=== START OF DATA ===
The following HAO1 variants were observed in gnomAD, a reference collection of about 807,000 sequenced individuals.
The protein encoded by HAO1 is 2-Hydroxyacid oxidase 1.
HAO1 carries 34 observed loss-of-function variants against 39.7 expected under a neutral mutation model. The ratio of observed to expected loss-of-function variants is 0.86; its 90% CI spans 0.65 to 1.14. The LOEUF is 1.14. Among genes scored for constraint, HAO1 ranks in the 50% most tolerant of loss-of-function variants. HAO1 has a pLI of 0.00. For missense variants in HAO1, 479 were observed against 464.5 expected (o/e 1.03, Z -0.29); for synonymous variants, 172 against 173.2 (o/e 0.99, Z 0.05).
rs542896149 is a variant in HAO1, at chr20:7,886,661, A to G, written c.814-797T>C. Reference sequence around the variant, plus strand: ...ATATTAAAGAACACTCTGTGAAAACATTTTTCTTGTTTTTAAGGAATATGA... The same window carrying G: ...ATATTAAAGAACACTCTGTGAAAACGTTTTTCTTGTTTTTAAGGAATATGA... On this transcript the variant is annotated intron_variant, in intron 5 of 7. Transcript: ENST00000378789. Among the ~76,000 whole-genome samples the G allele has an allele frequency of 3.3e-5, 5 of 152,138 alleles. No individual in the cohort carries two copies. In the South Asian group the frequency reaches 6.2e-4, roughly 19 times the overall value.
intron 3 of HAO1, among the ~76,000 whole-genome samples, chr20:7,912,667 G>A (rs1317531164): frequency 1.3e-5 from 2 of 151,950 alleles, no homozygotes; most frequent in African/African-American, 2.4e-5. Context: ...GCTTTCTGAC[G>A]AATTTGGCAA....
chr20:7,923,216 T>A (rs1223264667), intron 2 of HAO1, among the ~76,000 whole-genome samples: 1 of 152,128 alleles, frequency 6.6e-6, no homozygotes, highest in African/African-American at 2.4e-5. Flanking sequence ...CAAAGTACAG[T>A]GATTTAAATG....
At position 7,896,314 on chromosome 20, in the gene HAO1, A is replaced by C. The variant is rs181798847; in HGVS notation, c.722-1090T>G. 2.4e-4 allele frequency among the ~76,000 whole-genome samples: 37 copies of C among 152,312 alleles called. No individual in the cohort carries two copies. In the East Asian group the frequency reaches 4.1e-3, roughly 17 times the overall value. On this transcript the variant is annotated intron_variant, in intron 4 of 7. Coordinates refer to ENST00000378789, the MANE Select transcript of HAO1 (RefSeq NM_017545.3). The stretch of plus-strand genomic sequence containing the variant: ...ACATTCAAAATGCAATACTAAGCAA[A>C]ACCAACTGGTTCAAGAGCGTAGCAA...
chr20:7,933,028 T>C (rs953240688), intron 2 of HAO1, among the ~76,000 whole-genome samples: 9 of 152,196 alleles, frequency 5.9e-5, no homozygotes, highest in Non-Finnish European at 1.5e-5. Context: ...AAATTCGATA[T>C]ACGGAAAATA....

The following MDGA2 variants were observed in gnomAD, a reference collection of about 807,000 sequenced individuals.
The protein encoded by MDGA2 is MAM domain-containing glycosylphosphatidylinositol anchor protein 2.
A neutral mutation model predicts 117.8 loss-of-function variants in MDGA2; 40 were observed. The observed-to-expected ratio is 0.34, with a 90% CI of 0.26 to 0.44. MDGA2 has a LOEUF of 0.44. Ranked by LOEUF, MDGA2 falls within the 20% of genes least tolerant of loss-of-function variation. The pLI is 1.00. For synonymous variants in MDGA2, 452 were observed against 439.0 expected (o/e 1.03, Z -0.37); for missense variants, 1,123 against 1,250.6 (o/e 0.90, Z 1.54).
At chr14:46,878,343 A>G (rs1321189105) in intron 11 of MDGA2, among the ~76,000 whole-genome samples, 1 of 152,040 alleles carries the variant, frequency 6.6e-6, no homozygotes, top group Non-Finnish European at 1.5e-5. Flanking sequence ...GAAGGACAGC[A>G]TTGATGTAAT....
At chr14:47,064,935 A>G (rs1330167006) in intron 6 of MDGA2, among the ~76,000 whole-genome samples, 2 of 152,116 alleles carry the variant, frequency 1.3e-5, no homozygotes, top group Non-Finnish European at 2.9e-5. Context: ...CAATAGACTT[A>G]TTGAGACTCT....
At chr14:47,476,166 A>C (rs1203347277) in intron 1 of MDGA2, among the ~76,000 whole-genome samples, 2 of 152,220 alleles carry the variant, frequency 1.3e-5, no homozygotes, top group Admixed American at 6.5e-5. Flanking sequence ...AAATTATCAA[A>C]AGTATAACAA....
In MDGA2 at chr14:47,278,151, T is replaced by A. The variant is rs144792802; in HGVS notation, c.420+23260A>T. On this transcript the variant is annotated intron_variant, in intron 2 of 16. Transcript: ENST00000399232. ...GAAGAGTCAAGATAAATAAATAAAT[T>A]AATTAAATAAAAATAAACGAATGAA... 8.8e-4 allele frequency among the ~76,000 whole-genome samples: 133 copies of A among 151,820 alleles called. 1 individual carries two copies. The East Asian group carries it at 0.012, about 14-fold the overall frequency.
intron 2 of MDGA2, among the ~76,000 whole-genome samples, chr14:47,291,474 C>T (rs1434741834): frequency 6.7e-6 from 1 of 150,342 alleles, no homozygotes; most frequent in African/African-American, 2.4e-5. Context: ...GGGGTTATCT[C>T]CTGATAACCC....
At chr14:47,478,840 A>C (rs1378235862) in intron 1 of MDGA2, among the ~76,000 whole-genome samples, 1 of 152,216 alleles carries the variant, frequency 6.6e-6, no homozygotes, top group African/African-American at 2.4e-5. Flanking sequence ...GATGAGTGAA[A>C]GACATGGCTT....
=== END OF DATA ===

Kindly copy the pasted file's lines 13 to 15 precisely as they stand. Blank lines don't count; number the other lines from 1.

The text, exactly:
At chr14:47,064,935 A>G (rs1330167006) in intron 6 of MDGA2, among the ~76,000 whole-genome samples, 2 of 152,116 alleles carry the variant, frequency 1.3e-5, no homozygotes, top group Non-Finnish European at 2.9e-5. Context: ...CAATAGACTT[A>G]TTGAGACTCT....
At chr14:47,476,166 A>C (rs1203347277) in intron 1 of MDGA2, among the ~76,000 whole-genome samples, 2 of 152,220 alleles carry the variant, frequency 1.3e-5, no homozygotes, top group Admixed American at 6.5e-5. Flanking sequence ...AAATTATCAA[A>C]AGTATAACAA....
In MDGA2 at chr14:47,278,151, T is replaced by A. The variant is rs144792802; in HGVS notation, c.420+23260A>T. On this transcript the variant is annotated intron_variant, in intron 2 of 16. Transcript: ENST00000399232. ...GAAGAGTCAAGATAAATAAATAAAT[T>A]AATTAAATAAAAATAAACGAATGAA... 8.8e-4 allele frequency among the ~76,000 whole-genome samples: 133 copies of A among 151,820 alleles called. 1 individual carries two copies. The East Asian group carries it at 0.012, about 14-fold the overall frequency.